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November 29, 2005
Calvert World Values Fund Tackles Challenges of International Socially Responsible Investing
    by William Baue

The fund delivers double-digit three-year returns for shareholders while screening for corporate environmental, social, and governance performance in international and emerging markets.

For socially responsible investment (SRI), the challenge of accessing credible information on corporate social and environmental performance is compounded in the international arena, where such data is even more difficult to obtain in emerging markets than in developed markets. This in part explains the relative dearth of SRI international funds. Of the handful of international SRI funds tracked by, the Calvert World Values International Equity Fund (ticker: CWVGX) leads the pack in three-year performance with 16.64 percent in annualized returns for the period ending October 31, 2005.

"The twin challenges of SRI research are always the same: first, finding information on social, environmental, and governance-related performance (much of which is not required reporting), and second, distinguishing fact from public relations," said Julie Gorte, vice president and chief social investment strategist for the Calvert Group. "In North America, we're lucky to have governmental sources of information in addition to what nongovernmental organizations and companies provide; that's lacking in many other regions--but it's not adequate in any country."

"International SRI research also magnifies the element of country context, particularly in governance," Dr. Gorte told "Even in a domestic investment universe, most companies operate globally, so it's always useful for social researchers to be aware of differences in countries own laws and enforcement--though of course compliance is only a starting point, and often simple compliance alone is not sufficient to qualify a company for inclusion in a social portfolio."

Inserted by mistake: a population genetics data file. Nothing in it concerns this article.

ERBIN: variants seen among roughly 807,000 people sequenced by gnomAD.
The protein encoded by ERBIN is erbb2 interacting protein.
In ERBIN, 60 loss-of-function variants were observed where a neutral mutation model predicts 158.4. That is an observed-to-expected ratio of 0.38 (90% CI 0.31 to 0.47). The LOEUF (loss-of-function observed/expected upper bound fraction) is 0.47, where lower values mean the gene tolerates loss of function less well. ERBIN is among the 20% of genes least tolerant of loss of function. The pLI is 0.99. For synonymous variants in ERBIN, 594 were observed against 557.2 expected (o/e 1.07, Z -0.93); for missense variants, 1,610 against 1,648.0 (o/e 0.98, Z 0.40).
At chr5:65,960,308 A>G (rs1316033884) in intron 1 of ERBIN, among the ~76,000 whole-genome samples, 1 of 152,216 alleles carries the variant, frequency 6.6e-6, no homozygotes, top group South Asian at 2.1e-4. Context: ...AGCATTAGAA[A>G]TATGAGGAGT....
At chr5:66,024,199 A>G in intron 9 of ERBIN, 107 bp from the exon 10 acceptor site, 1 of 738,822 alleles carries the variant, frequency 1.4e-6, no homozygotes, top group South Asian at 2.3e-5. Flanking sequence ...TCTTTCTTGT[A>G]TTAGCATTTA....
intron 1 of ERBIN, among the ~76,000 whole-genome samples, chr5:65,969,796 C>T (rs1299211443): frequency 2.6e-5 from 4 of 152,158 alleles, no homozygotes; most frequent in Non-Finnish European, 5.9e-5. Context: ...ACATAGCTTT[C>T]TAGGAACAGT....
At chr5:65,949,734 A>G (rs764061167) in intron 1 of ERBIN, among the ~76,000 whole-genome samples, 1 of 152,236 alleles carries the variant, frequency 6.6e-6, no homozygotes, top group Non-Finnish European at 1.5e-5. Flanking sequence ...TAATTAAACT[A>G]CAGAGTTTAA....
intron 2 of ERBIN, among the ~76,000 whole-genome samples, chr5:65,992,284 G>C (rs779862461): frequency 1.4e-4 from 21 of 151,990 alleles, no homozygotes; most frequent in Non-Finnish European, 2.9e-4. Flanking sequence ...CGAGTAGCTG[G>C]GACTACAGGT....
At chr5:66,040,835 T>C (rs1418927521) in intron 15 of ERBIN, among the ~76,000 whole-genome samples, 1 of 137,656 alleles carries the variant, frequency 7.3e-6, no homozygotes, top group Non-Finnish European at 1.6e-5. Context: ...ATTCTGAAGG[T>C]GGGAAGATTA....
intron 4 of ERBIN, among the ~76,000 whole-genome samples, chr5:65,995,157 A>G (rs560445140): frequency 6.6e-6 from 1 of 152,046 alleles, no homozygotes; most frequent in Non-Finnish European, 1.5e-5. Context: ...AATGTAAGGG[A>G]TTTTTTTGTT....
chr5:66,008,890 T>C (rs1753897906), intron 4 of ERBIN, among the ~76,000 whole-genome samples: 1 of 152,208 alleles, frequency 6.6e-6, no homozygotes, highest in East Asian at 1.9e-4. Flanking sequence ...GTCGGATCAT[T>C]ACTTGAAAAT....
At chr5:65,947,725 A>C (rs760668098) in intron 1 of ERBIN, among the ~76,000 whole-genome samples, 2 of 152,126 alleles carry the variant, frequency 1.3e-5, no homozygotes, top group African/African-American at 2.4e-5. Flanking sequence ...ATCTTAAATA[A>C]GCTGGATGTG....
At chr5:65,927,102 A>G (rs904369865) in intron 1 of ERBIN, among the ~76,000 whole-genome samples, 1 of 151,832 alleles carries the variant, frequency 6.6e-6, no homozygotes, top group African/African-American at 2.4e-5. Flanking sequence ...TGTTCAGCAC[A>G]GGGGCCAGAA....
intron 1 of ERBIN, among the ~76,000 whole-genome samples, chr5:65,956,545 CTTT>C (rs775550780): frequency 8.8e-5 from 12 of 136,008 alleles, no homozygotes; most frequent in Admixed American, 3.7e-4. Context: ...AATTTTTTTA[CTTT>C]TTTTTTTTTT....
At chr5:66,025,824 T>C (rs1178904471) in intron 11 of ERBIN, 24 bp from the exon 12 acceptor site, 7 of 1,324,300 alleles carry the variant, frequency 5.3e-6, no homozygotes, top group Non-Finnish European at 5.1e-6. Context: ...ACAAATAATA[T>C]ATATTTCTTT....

Despite having a solid 3-year return, the fund ranks in the 83rd percentile for this time period, according to data supplied by Thompson Financial--in other words, 83 percent of peer funds in its category (both SRI and non-SRI) outperformed it. On a year-to-date (YTD) basis, the fund underperformed its benchmark, Morgan Stanley Capital International Europe Australasia Far East (MSCI EAFE) Index, by 3 percentage points, generating 3.26 percent returns compared to 6.26 percent for the index.

"Sector selection, primarily an underweighting of energy relative to EAFE, has been prime source of underperformance for the period," said John Nichols, Calvert's vice president for equities. "The fund does not hedge its currency exposures and a strong US dollar during the period hurt returns to US investors, but the fund's overall mix of currency exposures provided a marginal benefit during the period."

Regulation and enforcement on environmental, social, and governance (ESG) issues in emerging markets often lag that of developed markets, an effect that can pose particular challenges to social investors in seeking to identify companies with strong sustainability performance. Interestingly, emerging market investments fueled strong year-to-date (YTD) financial performance for the Calvert World Values Fund as compared to its benchmark, the MSCI EAFE Index.